Creating a Blog Schedule for a Nonprofit

By Mike Rosenberg

Every organization has different resources, stakeholders and marketing needs. Follow this systematic guide for building a blogging plan with staff, a board and volunteers.

In this example, we are using a nonfictional nonprofit, BB Camp, that I happen to serve on the board and lead the marketing committee for. The rules and principles will work for any organization; adjust for your specific organizational chart.

There are five main questions to answer when creating a blogging schedule for your organization:

  1. What are you going to write about?
  2. Who are you writing to?
  3. Who is doing the blogging?
  4. How frequently are you going to post?
  5. What is your system for being efficient?

What are you going to write about?

Start broad, then get into the specific categories, topics and plan each of the posts. Map it out like this:

Categories – in general, what are you going to post about? These posts could promote product lines or programs.

BB Camp’s categories include the various programs we manage (summer camp, retreat rentals, kids activities, free book programs, after-school youth activities), goals of the organization (developing youth leadership, enhancing Jewish life, fundraising) and the geographies the organization operates in (Portland and the Oregon Coast).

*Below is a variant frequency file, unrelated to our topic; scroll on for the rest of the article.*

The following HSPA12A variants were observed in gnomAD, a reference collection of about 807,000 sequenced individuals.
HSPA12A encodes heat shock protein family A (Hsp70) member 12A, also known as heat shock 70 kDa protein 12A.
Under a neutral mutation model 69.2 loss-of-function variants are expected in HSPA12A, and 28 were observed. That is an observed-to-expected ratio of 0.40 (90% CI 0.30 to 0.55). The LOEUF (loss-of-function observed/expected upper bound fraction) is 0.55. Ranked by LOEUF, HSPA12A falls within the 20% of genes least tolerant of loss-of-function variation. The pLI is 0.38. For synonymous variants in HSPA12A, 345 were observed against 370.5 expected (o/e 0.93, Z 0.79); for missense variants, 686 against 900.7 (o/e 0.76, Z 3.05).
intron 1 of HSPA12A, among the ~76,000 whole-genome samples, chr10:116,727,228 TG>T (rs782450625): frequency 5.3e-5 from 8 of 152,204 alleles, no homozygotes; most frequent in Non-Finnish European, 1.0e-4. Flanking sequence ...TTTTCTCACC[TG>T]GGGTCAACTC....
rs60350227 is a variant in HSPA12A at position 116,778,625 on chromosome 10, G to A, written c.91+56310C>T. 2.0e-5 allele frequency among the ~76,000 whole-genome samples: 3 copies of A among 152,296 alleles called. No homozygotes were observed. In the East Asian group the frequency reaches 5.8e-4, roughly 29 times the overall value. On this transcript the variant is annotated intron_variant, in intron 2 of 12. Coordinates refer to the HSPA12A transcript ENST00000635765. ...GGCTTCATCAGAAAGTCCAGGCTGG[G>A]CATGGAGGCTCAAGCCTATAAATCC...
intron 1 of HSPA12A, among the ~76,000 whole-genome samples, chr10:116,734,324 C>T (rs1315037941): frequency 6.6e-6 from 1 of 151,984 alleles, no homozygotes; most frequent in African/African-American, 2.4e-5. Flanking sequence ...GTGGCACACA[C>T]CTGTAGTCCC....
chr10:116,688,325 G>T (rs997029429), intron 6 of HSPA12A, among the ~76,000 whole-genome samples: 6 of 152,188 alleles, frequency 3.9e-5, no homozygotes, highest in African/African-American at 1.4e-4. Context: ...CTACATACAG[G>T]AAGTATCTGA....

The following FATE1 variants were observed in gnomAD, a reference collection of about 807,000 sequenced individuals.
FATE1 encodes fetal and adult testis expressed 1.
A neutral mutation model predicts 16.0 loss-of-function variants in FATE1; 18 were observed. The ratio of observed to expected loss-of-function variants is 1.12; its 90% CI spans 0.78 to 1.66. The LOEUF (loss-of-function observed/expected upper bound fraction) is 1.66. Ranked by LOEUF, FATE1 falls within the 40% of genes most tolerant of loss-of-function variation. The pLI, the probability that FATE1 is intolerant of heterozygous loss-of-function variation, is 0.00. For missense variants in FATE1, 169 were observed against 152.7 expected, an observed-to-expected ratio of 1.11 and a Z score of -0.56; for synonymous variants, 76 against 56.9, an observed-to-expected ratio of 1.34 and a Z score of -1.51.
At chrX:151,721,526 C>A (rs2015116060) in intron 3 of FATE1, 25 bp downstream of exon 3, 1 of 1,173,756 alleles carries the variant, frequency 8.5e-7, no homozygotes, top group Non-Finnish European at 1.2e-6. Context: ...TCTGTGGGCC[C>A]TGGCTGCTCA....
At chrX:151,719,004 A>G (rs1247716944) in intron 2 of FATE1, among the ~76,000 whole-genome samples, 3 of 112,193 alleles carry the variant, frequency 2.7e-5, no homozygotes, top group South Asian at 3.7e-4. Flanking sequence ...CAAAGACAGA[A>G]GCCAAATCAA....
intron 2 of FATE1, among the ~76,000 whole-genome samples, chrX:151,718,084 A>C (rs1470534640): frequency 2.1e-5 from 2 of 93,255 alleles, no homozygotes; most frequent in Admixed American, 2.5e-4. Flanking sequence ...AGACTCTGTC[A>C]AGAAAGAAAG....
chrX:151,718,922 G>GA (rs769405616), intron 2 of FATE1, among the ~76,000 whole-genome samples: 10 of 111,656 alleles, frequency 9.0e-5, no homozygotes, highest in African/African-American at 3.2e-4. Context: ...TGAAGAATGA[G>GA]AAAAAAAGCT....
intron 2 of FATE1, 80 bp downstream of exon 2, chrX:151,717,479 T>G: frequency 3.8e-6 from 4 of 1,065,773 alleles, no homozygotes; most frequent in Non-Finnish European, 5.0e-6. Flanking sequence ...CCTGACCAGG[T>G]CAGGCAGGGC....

Core Topics – what are the various topics that should be explored? Each category will have several core topics.

Taking the summer camp category in our BB Camp example, core topics include things like:

  • Getting ready for camp
  • Camp activities
  • First-time campers
  • Long-time campers
  • Day camp
  • Overnight camp

Post Topics – time to brainstorm all the potential post topics your organization can write about.

Now we get into specific topic ideas, so post topics such as What to Pack for Camp, What to Expect Your First Time at Camp, Campers Favorite Foods, Top Camp Aquatic Activities, and The Ultimate Sleepaway Camp Packing List are a few examples of post topics.

*Don’t forget to plan the type of post it will be (short form, long form, lists, infographics, etc.)

Who are you writing to?

Who are your audiences? Do you have personas already created?

At BB Camp we have at least four specific audiences including campers, parents, donors and potential renters. Each audience is unique in who they are and what type of content they are looking for. How to balance whom to write for and when to publish is an important part of your plan. The personnel working closest with each audience can give you a better idea of what they will want to consume. Which leads us to…

Who is doing the blogging?

Is it just you? What about other internal members of the organization? External authors, board members, volunteers, guest authors? What about editing and drafting the posts on your blog? Is this the responsibility of the author or do you need to put another system in place?

BB Camp:

Here is how I break it down for our sample organization:

Staff, board members, committee members and community volunteers contribute to the blog. They have access to a shared document that features the brainstormed blog topics. They also have access to a document that lists the various requirements (suggested and mandatory) for each post. This includes the suggested Go to the full article.

Source:: Business2Community

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